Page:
The unpatched vulnerability will get you. Every time.

Source: Naked Security

The details: Botnets are coming for you home routers. Again.

A new botnet called BCMUPnP_Hunter has been discovered by security researchers Qihoo 360 Netlab, “which says it’s infected at least 100,000 routers in the US., India and China since September.”

The botnet targets a security flaw in Broadcom software interface that was made public in 2013 and likely left unpatched by the variety of vendors which employ Broadcom technology. The botnet covers 116 devices, according to Naked Security, from vendors like Broadcom, Billion, D-Link, Belkin (Cisco Linksys), TP-Link and Zyxel.

The botnet looks to exploit the Universal Plug and Play network protocol, which is supposed to allow devices to easily communicate with each other, though is rarely used by people in their homes and often a port of entry for attackers. The botnet, “finds its prey by scanning for vulnerable UPnP on TCP port 5431, followed by UDP port 1900 used by Broadcom’s implementation.” Once infected, it appears that the botnet uses infected systems as proxies to send spam.

Why it matters: Botnets targeting home routers is nothing new. The router is the most vulnerable, least patched and most often forgotten piece of technology in a person’s home. As long as the Wi-Fi is working, people tend not to give much thought to their routers.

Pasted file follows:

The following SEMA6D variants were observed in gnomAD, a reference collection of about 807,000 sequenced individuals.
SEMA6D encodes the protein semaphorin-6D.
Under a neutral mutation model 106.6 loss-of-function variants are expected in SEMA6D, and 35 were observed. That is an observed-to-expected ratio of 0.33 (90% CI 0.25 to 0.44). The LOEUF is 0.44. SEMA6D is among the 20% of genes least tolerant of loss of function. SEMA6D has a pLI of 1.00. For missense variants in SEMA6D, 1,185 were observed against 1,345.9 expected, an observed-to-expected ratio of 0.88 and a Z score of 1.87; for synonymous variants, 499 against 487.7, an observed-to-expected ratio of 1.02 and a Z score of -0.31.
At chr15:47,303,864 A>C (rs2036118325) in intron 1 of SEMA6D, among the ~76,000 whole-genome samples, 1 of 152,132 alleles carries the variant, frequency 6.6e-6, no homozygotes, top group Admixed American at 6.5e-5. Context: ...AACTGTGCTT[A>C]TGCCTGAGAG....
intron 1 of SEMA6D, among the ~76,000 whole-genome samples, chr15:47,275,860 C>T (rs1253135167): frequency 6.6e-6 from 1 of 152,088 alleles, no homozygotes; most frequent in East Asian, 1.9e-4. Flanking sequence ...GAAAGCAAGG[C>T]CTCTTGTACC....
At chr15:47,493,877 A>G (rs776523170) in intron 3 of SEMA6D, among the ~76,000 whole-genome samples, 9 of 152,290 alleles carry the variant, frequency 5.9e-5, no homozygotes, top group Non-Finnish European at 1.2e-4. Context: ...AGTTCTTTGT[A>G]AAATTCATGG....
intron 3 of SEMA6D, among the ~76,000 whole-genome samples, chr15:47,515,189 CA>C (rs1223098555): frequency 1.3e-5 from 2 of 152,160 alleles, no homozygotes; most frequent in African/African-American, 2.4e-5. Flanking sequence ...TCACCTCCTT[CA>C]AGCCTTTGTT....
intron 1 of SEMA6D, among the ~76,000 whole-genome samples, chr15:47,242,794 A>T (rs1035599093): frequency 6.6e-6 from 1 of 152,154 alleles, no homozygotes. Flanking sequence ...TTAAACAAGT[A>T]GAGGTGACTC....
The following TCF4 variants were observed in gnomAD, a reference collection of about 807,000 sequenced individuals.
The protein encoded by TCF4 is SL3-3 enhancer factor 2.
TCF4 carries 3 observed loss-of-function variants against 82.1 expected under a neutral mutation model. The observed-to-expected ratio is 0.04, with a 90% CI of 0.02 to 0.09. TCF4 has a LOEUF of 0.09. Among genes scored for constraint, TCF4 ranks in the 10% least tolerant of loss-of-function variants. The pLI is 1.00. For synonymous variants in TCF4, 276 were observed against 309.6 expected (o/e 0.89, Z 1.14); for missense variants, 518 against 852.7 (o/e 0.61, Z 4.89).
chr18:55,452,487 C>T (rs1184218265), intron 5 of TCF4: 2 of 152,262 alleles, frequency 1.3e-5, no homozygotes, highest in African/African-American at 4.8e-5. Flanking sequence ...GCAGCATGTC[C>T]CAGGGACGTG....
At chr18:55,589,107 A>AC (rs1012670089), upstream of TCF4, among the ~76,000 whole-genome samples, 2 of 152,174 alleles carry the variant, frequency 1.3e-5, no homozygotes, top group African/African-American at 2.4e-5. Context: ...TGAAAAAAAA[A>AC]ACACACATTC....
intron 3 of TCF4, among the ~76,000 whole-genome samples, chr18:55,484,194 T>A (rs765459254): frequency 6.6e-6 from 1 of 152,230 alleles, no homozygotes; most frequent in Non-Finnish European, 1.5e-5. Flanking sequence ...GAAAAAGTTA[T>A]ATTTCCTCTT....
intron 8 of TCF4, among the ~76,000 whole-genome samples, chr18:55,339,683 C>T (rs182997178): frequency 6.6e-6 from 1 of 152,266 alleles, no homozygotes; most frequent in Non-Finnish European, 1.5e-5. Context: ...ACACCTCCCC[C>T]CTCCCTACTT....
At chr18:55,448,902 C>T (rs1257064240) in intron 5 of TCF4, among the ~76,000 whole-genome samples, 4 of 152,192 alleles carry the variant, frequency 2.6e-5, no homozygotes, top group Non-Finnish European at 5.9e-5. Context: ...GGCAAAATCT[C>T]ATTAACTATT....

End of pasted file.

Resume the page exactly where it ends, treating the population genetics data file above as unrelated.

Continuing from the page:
The most pertinent issue with BCMUPnP_Hunter is that it exploits a Broadcom vulnerability … discovered in 2013. Cisco Linksys, the first vendor effected by the vulnerability, patched it almost immediately, but the patch was apparently never provided to device owners by other vendors or installed by users if it was.

Attackers thrive on old, unpatched vulnerabilities. They are not going to burn a zero-day exploit unless they absolutely have to and will look for known holes in devices and network configurations to find their way inside. Many times, they will find them.

The hacker’s perspective:

Randori Security Engineer, Tell Hause says,

"It’s always fun to hear about people owning routers, It’s a super strong way to gain persistence on most consumer networks as most people don’t think about their network configuration and how detrimental default configs almost always are. It makes perfect sense to hit something that guaranteed most people would have no idea how to fix, using protocols that most people won’t care to learn. Unfortunately, this has to have somewhat limiting returns for residential networks if the intention is to spam from a volume perspective, Most residential ISP’s don’t allow SMTP as open relays have historically been problematic. It would appear that they will have to be working on going further into the endpoints on the networks they compromised to accomplish their goals."